Being a subscriber to the daily English-language news review from German magazine Der Spiegel I was delighted to hear that one of their writers, David Crosland, had published a novel tackling the topic of the Neo-Nazi movement in Germany, The Jewish Candidate. Although this book may seem a little implausible (the rise of a new “Hitler” type character in modern Germany), anyone who reads Der Spiegel regularly will know that the Neo-Nazi movement has significant support in Germany, particularly in the East and is a constant concern to the authorities (see for example this article in Der Spiegel, Germany’s Risky Push to Outlaw Far Right Party).
Crosland’s book covers an election campaign in Germany, in which Rudolf Gutman, a German Jew is standing for election to the post of Chancellor. Standing against him is Hermann von Tietjen who uses a full set of “dirty tricks” to oppose Gutman. von Tietjen’s main enemy is the Muslim minority in Germany and he uses various tactics to whip up hatred for the Muslim minority and also to threaten the Jewish Gutman.
The story is told by Frank Carver, a British reporter who is covering the electtion campaign for the fictitious London Chronicle. Carver gets into various scrapes as he infiltrates neo-Nazi meetings and confronts the leaders of the movement. Before long he finds himself racing against time to foil a dreadful plot which could see von Tietjen massively increase his support.
My only quibble about the book is that David Crosland is not the greatest of writers. The book is “racy” but lacks style, and I found myself thinking that top writers like Philip Kerr, Gerald Seymour and Alan Furst would have made a better job of it. At times the sense of improbability was a little too great for me and I found myself in two minds whether to give up on it. However, the topicality of the story and the forward movement kept me going until the end. If I was to award three stars to the book, that would be cruel, but four gives seems rather too high because, although writer has a highly imaginative approach, the rather sensationalist writing style lets him down. One thing for sure, it would make a fantastic film.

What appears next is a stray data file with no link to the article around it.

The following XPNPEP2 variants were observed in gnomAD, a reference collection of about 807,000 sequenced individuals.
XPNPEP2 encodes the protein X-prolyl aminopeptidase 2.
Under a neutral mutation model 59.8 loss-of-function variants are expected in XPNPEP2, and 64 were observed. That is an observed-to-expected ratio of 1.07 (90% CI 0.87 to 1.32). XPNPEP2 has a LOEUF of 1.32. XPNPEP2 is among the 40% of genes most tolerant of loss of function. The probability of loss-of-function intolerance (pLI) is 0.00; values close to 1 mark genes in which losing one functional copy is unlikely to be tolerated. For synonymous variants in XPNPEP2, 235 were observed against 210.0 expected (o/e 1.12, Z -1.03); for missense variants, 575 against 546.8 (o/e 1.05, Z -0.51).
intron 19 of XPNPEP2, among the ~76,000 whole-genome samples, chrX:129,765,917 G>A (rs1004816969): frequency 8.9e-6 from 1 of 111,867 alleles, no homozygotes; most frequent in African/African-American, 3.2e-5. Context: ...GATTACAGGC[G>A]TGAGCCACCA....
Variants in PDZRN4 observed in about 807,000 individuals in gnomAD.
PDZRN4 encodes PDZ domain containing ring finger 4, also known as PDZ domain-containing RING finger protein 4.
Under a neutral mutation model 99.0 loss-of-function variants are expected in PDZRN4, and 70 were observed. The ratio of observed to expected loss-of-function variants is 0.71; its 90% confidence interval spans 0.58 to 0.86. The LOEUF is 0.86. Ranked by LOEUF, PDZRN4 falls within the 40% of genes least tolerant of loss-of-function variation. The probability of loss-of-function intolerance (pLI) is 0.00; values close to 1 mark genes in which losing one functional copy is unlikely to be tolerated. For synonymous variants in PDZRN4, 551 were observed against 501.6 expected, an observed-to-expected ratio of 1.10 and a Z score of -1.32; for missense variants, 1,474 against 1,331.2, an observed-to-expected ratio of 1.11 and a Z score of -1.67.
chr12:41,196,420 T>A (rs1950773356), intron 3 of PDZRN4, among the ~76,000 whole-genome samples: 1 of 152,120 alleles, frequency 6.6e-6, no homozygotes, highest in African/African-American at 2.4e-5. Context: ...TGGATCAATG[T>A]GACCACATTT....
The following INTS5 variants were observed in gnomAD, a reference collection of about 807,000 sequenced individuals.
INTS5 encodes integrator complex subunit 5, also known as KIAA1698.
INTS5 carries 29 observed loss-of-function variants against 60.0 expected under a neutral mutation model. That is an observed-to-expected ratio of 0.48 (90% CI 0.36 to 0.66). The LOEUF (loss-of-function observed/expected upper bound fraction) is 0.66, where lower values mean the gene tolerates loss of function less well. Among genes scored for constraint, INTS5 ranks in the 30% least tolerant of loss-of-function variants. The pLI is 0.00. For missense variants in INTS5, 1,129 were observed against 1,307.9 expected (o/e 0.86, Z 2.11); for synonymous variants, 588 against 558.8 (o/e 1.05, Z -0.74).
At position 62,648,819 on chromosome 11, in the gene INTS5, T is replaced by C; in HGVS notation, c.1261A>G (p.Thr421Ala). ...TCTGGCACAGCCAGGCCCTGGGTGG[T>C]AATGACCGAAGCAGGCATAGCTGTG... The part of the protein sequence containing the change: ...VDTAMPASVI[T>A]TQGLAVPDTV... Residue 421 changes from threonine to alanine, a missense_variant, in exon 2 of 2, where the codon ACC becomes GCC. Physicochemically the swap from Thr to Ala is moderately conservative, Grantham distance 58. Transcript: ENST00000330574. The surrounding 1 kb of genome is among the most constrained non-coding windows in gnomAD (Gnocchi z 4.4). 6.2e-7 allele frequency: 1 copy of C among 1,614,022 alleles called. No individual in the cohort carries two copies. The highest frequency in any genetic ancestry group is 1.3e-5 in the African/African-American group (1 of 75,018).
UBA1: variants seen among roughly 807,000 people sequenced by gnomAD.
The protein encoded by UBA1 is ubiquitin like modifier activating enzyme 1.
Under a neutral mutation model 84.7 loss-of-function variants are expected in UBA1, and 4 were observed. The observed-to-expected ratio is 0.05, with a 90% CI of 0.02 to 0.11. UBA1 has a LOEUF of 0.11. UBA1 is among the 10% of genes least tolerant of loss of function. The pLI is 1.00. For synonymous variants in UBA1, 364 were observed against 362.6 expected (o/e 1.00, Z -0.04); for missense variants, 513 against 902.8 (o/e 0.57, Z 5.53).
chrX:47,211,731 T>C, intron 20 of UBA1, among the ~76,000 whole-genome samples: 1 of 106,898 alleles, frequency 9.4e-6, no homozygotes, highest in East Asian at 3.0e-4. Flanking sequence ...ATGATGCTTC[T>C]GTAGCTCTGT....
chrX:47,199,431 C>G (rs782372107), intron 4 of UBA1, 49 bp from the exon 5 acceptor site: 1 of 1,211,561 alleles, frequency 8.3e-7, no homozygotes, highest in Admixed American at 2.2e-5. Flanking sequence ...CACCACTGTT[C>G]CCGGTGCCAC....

I’d like to be able to write two articles a week as I have done over the last five or six years, but free time seems to have evaporated from my life over the last few months. It’s my own fault: after 30+ years working in the I.T industry, I still find myself fascinated by technology and when the opportunity came along to design a new website for a charity as a volunteer, I jumped at it, not quite realising how much work was involved. I find that I can do most of the work in the mornings between 7.30 and 9.30 (I don’t need a lot of sleep), but this of course is the time I devoted to this book blog. Never mind, this won’t go on forever and I hope that by about February I’ll have finished most of the web design work and will be able to come back to more regular book-reviewing.
The charity is Kiya Survivors, a charity founded by the remarkable Suzy Butler and now expanding rapidly in its work of helping Peruvian children with learning disabilities and autism. Their current website is on it’s last legs and is frequently down – you might be able to see it here but I wouldn’t guarantee it.
Something else which has taken up my time is the arrival of two new grand-sons, one from my daughter and one from my son’s wife. It’s been a joy to get involved in their tiny lives.